The inefficient endosomal escape of drugs or macromolecules is a major obstacle to achieving successful delivery to therapeutic targets. An efficient approach to circumvent this barrier is photochemical internalization (PCI), which uses light and photosensitizers for endosomal escape of the delivered macromolecules. The PCI mechanism is related to photogenerated singlet oxygen, but the mechanism is still unclear. In this study, we examined the relation of PCI to heat, pH and Ca2+ ions using cell penetrating peptide (CPP)-cargo-photosensitizer (Alexa546 or Alexa633) conjugates. A cell temperature changing experiment demonstrated that heat (thermal mechanism) does not significantly contribute to the photoinduced endosomal escape. Inhibition of V-ATPase proton pump activity and endosomal pH upregulation indicated that PCI-mediated endosomal escape needs endosomal acidification prior to photoirradiation. Imaging of the CPP-cargo-photosensitizer and Ca2+ ions during photostimulation showed that intracellular calcium increase is not the cause of the endosomal escape of the complex. The increment is mainly due to Ca2+ influx. These findings show the importance of extra- and intracellular milieu conditions in the PCI mechanism and enrich our understanding of PCI-related changes in cell.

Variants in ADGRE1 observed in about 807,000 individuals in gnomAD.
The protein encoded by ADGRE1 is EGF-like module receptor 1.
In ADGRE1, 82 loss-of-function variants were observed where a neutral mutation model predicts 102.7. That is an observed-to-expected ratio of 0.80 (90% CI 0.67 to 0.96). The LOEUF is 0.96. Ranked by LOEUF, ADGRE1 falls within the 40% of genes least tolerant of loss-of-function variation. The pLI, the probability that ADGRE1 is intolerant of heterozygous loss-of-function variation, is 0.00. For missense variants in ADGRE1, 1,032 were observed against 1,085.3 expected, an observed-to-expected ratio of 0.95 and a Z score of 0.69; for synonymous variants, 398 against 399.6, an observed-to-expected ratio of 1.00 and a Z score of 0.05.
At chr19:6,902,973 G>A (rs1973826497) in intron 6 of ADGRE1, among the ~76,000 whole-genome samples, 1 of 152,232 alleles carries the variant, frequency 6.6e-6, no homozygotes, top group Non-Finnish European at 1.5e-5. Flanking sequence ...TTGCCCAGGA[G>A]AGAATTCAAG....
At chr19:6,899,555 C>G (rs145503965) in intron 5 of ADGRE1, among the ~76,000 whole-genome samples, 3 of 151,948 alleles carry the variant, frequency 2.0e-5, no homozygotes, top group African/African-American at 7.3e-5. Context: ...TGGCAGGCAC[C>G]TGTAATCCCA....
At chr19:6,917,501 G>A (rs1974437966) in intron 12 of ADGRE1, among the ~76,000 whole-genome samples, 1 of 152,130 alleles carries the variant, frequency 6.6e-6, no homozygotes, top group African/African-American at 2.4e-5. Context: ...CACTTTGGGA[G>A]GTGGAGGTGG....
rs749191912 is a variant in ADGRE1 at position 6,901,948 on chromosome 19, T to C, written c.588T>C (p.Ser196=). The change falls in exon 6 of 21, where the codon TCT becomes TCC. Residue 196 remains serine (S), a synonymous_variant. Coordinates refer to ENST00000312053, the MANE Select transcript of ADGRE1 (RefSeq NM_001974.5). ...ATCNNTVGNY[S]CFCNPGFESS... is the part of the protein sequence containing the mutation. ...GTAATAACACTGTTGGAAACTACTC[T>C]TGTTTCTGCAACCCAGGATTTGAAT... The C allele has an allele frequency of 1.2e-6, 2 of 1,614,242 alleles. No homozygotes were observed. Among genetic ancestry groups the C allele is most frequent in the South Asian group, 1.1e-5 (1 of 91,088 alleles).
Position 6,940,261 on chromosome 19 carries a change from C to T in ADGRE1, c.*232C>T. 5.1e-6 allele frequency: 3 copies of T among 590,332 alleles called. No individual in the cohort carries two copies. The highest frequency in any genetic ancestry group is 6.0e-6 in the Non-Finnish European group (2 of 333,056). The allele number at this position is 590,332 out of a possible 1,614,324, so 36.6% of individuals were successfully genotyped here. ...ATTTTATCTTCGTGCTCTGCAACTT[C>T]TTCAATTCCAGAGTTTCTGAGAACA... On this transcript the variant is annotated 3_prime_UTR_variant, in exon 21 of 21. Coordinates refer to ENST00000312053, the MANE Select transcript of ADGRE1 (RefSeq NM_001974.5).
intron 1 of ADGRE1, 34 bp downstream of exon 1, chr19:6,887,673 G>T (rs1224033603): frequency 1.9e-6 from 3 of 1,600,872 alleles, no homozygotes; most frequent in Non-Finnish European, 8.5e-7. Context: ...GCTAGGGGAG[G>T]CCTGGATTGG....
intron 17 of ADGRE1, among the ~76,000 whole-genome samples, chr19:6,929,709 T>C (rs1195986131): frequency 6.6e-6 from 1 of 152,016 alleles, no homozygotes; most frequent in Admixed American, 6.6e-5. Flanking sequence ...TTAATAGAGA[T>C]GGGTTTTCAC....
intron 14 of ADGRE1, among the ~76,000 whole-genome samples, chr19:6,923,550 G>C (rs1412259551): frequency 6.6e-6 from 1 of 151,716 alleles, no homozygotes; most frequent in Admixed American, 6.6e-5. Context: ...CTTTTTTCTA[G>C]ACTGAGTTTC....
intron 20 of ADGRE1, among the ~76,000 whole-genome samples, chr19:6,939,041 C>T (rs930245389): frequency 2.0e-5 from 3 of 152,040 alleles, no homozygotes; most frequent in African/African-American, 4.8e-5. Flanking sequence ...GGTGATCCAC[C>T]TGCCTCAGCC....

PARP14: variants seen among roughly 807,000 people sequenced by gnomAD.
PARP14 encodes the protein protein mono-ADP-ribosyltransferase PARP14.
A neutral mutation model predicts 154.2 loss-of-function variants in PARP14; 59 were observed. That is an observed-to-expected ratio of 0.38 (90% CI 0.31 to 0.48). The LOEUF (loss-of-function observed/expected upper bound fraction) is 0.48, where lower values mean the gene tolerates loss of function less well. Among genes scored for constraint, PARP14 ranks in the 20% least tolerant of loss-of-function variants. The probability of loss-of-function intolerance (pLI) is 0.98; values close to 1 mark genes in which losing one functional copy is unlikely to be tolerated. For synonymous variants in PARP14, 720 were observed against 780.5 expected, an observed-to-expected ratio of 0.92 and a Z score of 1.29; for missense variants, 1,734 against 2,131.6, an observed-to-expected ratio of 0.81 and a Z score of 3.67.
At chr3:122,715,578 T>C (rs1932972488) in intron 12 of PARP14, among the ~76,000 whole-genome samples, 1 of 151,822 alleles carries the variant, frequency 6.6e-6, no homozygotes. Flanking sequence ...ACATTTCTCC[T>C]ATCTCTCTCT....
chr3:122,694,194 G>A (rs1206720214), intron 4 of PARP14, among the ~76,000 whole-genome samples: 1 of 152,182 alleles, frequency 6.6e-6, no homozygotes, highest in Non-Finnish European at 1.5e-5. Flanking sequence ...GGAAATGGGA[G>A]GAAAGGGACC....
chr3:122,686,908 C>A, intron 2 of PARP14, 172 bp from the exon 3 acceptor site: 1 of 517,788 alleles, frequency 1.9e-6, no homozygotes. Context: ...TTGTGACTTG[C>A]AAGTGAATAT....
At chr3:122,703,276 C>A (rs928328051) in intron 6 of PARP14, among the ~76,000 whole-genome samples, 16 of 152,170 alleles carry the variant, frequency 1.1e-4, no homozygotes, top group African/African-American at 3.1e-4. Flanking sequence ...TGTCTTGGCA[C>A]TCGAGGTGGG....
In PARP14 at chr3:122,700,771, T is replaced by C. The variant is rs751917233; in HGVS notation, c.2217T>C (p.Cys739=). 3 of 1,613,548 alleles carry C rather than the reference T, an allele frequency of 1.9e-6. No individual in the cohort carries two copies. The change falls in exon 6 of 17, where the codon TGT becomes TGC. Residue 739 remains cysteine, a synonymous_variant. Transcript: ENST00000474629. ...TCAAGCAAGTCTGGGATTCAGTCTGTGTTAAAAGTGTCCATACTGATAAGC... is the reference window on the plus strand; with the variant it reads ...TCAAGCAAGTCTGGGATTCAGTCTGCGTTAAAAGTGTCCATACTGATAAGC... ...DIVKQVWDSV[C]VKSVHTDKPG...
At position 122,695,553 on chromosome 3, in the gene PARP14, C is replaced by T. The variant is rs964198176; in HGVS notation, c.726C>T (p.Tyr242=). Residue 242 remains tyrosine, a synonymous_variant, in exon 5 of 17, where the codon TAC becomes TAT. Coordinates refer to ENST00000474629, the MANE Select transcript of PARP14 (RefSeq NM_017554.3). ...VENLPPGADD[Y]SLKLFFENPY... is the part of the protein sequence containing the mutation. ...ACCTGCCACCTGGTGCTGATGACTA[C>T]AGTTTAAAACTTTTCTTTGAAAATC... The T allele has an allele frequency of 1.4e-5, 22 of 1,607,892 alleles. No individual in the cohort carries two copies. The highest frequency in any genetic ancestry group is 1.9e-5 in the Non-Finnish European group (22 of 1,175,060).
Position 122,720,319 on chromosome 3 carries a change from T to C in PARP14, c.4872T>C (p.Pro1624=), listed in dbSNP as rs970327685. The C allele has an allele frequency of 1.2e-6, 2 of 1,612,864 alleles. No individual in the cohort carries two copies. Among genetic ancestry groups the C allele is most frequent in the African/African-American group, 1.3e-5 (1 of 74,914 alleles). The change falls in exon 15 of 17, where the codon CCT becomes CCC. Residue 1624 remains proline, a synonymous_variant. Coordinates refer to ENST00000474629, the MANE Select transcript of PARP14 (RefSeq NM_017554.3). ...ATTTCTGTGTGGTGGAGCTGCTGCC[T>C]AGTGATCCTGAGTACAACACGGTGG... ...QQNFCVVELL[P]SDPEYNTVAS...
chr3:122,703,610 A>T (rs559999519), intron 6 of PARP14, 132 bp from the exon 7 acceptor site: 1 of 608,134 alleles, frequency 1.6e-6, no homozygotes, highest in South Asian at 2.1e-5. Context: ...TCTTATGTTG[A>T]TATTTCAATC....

ASJC Scopus subject areas
- Physical and Theoretical Chemistry